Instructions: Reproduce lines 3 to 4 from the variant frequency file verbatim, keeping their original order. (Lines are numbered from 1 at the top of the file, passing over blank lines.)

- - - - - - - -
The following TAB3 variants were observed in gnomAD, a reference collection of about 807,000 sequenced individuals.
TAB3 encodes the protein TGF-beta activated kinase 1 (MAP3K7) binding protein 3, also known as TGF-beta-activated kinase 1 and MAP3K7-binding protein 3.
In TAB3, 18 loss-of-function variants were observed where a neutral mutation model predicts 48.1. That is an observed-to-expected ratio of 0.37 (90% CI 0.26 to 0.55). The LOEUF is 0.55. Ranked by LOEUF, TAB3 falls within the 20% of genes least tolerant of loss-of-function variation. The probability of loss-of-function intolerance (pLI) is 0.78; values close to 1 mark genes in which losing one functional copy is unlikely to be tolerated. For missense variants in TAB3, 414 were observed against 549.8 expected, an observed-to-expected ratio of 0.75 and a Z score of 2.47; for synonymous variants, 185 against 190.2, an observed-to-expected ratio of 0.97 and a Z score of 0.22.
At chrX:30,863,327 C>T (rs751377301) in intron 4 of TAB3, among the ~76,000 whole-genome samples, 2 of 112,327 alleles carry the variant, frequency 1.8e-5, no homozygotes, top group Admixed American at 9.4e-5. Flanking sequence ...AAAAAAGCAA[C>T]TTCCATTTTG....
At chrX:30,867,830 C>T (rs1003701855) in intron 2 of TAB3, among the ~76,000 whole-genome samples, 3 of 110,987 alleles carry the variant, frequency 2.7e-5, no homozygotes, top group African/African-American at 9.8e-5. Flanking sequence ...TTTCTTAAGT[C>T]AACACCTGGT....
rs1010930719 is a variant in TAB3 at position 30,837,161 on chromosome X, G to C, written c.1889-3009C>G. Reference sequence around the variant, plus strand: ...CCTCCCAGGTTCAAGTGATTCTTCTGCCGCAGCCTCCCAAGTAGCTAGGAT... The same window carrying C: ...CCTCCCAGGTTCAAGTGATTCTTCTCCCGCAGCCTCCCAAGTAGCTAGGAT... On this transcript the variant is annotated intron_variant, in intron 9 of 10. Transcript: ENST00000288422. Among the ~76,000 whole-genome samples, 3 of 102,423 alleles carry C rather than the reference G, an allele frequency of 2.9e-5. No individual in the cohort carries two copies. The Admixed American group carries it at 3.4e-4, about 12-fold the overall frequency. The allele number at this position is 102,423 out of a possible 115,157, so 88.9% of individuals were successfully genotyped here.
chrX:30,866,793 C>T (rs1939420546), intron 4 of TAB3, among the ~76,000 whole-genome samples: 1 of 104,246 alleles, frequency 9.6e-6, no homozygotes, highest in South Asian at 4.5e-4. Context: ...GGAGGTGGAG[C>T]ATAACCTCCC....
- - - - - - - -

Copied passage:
In TAB3, 18 loss-of-function variants were observed where a neutral mutation model predicts 48.1. That is an observed-to-expected ratio of 0.37 (90% CI 0.26 to 0.55). The LOEUF is 0.55. Ranked by LOEUF, TAB3 falls within the 20% of genes least tolerant of loss-of-function variation. The probability of loss-of-function intolerance (pLI) is 0.78; values close to 1 mark genes in which losing one functional copy is unlikely to be tolerated. For missense variants in TAB3, 414 were observed against 549.8 expected, an observed-to-expected ratio of 0.75 and a Z score of 2.47; for synonymous variants, 185 against 190.2, an observed-to-expected ratio of 0.97 and a Z score of 0.22.
At chrX:30,863,327 C>T (rs751377301) in intron 4 of TAB3, among the ~76,000 whole-genome samples, 2 of 112,327 alleles carry the variant, frequency 1.8e-5, no homozygotes, top group Admixed American at 9.4e-5. Flanking sequence ...AAAAAAGCAA[C>T]TTCCATTTTG....